What conditions are critical for learners from different professions to achieve shared understandings of simulated events and to accomplish coordinated teamwork?
 This study will be coordinated by Linköping University and focus on how professional knowledge is enacted in an interprofessional context. According to Kemmis (2009), professional practice is always constituted, embodied and situated – what particular persons do in particular time and place as meaningful activities. Practice is viewed as the material arrangements (‘set-ups’), words and discourses (‘sayings’), how people act and interact in physical and material space (‘doings’) and finally constituted of the relationships between people (‘relatings’).

This theoretical framing generates the analytical categories to direct our focus to and capture the ways the socio-material arrangements of the simulated scenario enable participants to contribute different professional perspectives in their sayings and doings, and how these, in turn, possibly contribute to the construction of interprofessional knowledge. Other issues are how individuals relate to each other and negotiate diverse knowledge and what aspects of the situation are subject to communication and negotiation. A third focus is how patterns of relationships are established and what patterns of task distribution and accomplishment are emerging in the simulation.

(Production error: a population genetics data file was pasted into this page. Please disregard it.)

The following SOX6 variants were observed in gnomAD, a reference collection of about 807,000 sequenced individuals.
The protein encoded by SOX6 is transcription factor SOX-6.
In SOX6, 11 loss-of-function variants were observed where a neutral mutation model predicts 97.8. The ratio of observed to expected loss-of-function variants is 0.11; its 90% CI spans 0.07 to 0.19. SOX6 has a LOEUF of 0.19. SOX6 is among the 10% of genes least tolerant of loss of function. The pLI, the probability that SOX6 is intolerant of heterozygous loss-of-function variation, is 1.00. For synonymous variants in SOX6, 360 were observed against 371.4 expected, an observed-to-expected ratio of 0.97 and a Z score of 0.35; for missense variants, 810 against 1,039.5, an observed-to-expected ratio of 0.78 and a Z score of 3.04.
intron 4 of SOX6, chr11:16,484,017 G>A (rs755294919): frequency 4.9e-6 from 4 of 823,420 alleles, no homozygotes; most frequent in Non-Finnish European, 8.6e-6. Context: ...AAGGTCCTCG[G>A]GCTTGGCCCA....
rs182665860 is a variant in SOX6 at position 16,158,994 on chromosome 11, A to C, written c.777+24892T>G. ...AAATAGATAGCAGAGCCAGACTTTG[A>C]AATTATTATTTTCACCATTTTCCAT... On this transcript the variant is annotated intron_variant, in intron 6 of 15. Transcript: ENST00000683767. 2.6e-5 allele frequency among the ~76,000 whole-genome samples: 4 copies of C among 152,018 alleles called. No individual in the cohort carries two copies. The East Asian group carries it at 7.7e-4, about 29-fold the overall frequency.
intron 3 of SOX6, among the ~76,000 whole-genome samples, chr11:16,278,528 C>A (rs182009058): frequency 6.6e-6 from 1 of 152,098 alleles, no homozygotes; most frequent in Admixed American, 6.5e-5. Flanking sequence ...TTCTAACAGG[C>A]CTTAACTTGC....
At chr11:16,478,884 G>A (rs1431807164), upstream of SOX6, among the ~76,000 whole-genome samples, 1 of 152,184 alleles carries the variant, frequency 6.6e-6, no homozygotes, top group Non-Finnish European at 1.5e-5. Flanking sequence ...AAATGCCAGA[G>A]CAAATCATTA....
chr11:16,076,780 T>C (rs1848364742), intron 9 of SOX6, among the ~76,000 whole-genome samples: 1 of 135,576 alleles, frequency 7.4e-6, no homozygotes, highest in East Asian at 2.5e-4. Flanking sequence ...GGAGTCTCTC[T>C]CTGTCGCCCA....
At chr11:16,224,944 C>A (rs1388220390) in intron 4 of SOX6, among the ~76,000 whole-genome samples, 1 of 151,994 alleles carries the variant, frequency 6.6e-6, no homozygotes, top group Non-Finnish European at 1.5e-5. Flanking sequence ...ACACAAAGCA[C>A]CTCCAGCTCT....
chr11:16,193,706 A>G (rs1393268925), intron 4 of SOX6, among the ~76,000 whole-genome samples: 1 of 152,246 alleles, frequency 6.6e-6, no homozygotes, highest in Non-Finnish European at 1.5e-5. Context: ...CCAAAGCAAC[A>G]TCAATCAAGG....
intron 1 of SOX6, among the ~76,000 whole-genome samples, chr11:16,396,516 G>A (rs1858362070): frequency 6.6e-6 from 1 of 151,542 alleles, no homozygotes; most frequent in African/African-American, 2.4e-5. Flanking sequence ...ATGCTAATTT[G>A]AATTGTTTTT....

Data analysis on the interprofessional collaboration between health care students (nursing students semester 6 and medical students semester 11) in Study 1 will primarily be carried out within the research team in Linköping, involving collaboration between researchers on learning and teaching staff at Clinicum.


Part of research project: